In 2011, the New York Yankees signed Freddy Garcia to a Minor League contract worth $1.5 million. Garcia then made the team out of spring training and ultimately went 12-8 with a 3.68 ERA. Overall, it was a successful experiment.
Heading into 2014, the Yankees once again need help in the starting rotation. Masahiro Tanaka is their primary target, but they could (and should) make another move similar to the one they made in 2011.
The New York Mets have declined a $25 million team option on Johan Santana, officially making the southpaw a free agent. This isn’t surprising considering that last April, Santana had surgery on his left shoulder for the second time in 31 months and missed the entire 2013 season. Still, the two-time Cy Young winner fully expects to be healthy and ready to pitch for a big league club in 2014. The question is which one?
The Yankees should consider signing Santana. Though his shoulder problems are definitely a concern, they’re by no means a death sentence, especially when you take into account the type of pitcher he is. He’s never been a power pitcher, a guy who simply reaches back and blows hitters away. As a result, the injury won’t affect him as much as it would a guy like Justin Verlander, who relies on a plus fastball to get batters out.
Even when Santana dominated with the Minnesota Twins (and briefly with the Mets) his fastball was consistently in the low 90s. Despite this, he was one of the best pitchers in the league because of his deception. He knows how to hide the ball extremely well during his delivery and how to effectively change speeds, mainly utilizing a devastating change-up. He’s also yet another pitcher who proves that pitching is like real estate — location, location, location. Thus, even if shoulder problems have cost him some velocity, he will not have lost his greatest advantage over hitters.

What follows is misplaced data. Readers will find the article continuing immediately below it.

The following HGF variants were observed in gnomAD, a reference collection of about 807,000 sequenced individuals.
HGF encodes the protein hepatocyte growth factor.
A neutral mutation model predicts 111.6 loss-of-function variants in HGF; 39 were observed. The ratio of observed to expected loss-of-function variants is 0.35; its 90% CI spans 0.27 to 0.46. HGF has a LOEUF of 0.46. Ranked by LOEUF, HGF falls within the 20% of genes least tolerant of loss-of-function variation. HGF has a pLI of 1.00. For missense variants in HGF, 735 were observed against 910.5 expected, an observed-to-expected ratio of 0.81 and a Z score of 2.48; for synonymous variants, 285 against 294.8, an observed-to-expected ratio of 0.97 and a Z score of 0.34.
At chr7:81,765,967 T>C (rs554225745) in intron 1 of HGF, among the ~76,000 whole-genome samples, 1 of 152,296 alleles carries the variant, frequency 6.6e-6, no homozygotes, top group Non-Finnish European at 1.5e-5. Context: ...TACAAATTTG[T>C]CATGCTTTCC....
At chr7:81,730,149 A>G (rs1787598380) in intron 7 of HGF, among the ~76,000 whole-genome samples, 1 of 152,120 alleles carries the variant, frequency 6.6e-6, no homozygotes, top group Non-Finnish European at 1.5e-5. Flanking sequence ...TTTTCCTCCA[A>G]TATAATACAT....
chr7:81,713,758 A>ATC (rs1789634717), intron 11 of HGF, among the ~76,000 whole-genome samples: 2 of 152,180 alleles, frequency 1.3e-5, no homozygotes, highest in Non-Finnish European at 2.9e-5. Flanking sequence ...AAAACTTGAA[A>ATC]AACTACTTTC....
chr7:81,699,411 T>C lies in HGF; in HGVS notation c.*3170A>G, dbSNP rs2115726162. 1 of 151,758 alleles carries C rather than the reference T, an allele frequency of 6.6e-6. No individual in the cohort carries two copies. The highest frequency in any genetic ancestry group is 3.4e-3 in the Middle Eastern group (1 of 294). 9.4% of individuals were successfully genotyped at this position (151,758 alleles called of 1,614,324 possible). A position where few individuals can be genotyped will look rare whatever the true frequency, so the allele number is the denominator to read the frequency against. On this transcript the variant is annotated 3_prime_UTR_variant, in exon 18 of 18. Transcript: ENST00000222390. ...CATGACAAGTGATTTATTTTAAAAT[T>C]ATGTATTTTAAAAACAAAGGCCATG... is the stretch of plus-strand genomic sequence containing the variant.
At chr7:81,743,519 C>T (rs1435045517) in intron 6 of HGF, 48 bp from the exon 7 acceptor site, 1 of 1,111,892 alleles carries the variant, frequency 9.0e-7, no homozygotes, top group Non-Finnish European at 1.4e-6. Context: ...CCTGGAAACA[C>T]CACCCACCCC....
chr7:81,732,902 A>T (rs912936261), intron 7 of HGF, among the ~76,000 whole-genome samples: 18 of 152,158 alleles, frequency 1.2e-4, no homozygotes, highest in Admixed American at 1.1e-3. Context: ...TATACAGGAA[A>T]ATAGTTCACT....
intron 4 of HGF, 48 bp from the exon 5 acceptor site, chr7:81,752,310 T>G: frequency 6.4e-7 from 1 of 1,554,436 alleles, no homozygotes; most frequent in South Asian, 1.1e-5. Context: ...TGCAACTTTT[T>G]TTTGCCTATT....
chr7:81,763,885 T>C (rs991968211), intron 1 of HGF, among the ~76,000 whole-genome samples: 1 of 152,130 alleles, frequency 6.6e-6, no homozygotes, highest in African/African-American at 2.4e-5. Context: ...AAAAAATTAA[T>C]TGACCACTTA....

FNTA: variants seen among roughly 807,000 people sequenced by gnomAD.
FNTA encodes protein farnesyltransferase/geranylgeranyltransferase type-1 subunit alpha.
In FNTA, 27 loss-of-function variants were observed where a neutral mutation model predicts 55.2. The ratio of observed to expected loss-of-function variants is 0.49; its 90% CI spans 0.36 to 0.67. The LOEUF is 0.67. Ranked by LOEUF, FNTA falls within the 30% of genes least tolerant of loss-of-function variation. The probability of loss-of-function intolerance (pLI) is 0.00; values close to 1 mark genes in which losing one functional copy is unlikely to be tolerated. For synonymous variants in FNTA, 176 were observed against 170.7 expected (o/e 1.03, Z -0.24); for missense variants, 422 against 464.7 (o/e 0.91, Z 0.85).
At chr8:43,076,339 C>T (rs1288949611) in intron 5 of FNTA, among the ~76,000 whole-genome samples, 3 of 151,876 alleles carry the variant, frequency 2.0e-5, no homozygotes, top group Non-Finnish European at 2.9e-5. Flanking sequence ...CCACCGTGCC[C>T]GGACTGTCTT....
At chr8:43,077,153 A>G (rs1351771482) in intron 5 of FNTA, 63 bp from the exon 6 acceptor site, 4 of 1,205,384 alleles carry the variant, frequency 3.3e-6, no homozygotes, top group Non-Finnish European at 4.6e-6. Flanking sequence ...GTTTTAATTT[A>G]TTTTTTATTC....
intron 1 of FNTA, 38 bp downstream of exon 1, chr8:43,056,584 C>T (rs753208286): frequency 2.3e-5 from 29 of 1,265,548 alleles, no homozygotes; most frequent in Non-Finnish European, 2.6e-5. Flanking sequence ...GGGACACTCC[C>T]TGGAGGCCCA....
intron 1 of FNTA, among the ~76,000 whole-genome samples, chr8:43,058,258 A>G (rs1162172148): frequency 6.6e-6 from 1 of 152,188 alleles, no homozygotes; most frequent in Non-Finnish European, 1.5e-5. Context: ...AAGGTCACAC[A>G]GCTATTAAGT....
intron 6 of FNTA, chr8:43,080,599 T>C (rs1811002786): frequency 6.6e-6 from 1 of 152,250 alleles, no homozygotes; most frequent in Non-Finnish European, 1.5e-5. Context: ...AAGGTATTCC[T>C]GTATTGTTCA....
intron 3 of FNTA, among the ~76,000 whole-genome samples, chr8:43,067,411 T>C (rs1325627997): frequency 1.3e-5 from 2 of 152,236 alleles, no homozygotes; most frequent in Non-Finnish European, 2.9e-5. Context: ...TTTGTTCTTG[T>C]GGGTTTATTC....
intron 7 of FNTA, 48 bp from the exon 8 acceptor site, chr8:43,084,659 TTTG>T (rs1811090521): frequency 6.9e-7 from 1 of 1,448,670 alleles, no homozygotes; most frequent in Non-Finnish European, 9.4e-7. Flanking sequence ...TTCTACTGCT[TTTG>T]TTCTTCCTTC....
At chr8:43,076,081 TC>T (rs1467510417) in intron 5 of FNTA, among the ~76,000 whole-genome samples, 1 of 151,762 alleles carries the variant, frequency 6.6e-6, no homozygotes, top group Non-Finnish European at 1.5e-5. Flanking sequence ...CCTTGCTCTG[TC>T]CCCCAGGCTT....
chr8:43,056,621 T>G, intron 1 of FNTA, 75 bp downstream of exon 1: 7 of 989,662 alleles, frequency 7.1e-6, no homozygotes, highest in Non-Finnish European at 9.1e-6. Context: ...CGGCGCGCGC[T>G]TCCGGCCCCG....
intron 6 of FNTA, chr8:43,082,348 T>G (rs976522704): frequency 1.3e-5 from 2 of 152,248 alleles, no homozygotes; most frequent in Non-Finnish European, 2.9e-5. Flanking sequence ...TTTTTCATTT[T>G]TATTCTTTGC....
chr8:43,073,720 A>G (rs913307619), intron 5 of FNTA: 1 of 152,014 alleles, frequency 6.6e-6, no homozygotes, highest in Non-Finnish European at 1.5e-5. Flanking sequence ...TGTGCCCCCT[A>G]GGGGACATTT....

Here’s the beauty of the situation from the Yankees’ perspective: it’s not unrealistic to believe Santana can be an effective Major League pitcher. But because he missed the entire 2011 season, much of 2012 and all of 2013 due to injury, he doesn’t have much leverage in contract negotiations. The Yankees could plausibly sign him to a low base salary with performance-based incentives — much like they did with Garcia in 2011.
It would be low risk, high reward. If it turns out Santana’s shoulder problems have drastically hurt his pitching ability, it wouldn’t cost the Yankees much money as they try to get payroll under $189 million. But if he does return to anything close to ace-like form, he could bolster a starting rotation that desperately needs help, and that could use another lefty.
According to rumors, Santana might return to Minnesota in 2014. By now, the Twins should be used to losing to the Yankees — once more wouldn’t hurt.